If you move a floor, the manufacturer must re-approve the calculations and issue a certificate of inspection. You are unlikely to find a used floor in the possession of someone qualified to provide this maintenance. I have found that people actually pay more for used floors than they do for new. It costs about 25% of the cost of a new floor to have it removed and properly packed for dry storage, properly inspected and labeled. So does reinstalling it. You’ll spend another 30% to 40% with a reputable salvage company to reassemble the spec for your application, including correct structural information. Unless you are willing to do the work yourself and know the location and history of the floor and put it back the way it fell, avoid it. The only real value is scrap or architectural residue for reuse by experts.

The seventh thing you need to know: How can I know that I am being sold a new mezzanine and not a used one? Yes, I’m afraid that’s what’s happening. All you can do is get references, ask about the issues raised above and always get 3 quotes, remembering that if something sounds too good to be true, it probably is. If in doubt, you cannot hide scars and damaged materials and do not part with any money until you have all the correct technical information for the authorities.

Eighth thing to know: How do I know if my mezzanine design is correct? Often the floor will be made to suit the application, this can range from packaging materials to a nightclub. Whatever it is, if you are assisted by a material handling engineer, then plans will be drawn up illustrating the activities with specific load information to be introduced in the production phase of the project. Specifically, this will include:

  • Finishing details of the decking to adjacent structures without clearances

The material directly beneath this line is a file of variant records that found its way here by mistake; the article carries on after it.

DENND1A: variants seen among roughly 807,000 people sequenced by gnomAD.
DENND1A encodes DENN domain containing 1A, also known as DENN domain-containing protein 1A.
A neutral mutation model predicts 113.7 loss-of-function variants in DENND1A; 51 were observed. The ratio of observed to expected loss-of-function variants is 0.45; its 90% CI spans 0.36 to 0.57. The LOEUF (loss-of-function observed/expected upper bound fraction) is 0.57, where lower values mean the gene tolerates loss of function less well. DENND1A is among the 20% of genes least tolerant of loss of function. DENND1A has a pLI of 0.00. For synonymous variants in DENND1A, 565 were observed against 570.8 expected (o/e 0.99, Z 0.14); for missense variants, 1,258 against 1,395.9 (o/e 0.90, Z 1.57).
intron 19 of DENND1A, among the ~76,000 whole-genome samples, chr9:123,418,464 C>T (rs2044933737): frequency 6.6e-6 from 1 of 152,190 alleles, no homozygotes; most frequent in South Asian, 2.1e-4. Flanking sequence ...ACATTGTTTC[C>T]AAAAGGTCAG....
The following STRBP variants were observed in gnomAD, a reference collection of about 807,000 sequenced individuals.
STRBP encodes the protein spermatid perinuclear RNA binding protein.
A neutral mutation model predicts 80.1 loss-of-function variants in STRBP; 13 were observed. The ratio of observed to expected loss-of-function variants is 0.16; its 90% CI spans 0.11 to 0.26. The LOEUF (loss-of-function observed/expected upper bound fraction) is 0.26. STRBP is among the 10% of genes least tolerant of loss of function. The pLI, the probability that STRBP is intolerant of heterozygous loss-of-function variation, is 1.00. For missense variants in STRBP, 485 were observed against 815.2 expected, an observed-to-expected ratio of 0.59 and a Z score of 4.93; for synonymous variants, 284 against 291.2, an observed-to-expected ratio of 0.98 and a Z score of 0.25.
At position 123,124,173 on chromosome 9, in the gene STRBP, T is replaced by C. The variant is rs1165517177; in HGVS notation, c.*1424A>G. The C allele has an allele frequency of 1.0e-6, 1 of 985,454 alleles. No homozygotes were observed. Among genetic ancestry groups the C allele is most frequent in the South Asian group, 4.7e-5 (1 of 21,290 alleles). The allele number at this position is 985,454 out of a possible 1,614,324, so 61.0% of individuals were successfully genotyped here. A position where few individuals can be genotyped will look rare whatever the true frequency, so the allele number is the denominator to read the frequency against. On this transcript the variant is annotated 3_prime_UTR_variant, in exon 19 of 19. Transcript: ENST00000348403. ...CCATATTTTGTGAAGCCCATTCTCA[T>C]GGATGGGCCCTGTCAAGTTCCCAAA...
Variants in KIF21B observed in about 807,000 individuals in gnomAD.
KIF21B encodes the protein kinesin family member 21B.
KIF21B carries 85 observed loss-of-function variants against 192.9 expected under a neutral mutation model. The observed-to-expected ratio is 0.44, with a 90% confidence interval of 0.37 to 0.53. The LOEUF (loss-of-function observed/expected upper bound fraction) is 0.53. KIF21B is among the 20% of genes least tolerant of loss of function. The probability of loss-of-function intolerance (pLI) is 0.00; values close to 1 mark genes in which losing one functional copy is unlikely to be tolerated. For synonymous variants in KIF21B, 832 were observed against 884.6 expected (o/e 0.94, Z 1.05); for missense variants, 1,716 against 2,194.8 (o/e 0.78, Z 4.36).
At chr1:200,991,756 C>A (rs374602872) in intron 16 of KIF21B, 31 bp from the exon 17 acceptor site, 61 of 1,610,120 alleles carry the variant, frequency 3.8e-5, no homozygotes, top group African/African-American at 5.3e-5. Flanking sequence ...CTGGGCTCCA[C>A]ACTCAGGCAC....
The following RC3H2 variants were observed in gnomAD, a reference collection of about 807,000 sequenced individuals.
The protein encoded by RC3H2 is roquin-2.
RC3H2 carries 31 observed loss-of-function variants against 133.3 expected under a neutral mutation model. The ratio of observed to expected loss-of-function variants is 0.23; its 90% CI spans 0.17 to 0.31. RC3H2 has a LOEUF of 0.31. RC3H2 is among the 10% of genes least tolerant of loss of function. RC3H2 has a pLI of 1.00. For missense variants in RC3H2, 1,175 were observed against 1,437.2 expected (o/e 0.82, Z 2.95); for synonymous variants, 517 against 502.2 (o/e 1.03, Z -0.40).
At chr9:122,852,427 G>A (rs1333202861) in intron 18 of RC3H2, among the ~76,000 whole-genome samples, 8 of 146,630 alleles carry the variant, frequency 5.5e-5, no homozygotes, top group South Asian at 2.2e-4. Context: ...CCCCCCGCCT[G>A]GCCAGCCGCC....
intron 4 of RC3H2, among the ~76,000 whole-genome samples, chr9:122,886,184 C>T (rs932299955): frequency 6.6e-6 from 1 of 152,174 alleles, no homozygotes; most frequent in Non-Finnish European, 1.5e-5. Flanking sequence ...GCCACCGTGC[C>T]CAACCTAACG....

• Floor supports and hot-rolled profiles, sympathetically and evenly spaced
  • Deviation ratings rated for you for the app (don’t want to feel like a trampoline)
  • Methods of supplying required goods, services and facilities to or from the floor or to and from the floor
  • Declaration of full access and assurance of personal well-being on the floor
  • Finished floor height and all structural technical details taken care of for you
  • Finishing details for doors, carpets or special surfaces aligned to existing structures

There are many other things, all under the rubric of attention to detail.

Ninth thing you need to know: What kind of equipment should I consider to go with a mezzanine? The easiest answer is a list of equipment that usually comes with mezzanine applications:

  • Stairs in steel, stainless steel and wood and steel
  • Steel fire escapes
  • Cat stairs
  • Elevators
  • Freight elevators
  • Lifts for wheelchairs
  • Lifting tables
  • Storage systems including shelving
  • Pallet loading gates
  • Conveyors
  • Chutes
  • Lifts
  • Mobile pallet stackers with electric lifts (cheaper than lifts)
  • Railings
  • Barriers
  • Doors
  • Ceilings
  • Fireproof materials

A few more storage ideas These 9 guides will help you decide how you want to proceed with your new mezzanine project, but there are alternative ways to use headroom, such as raised storage platforms for bulkier items that can’t be conveniently stored in shelves or pallet racks. Two-tier systems are also an alternative, you can use pallet racks or shelving sections to build storage and flooring at the top of your building.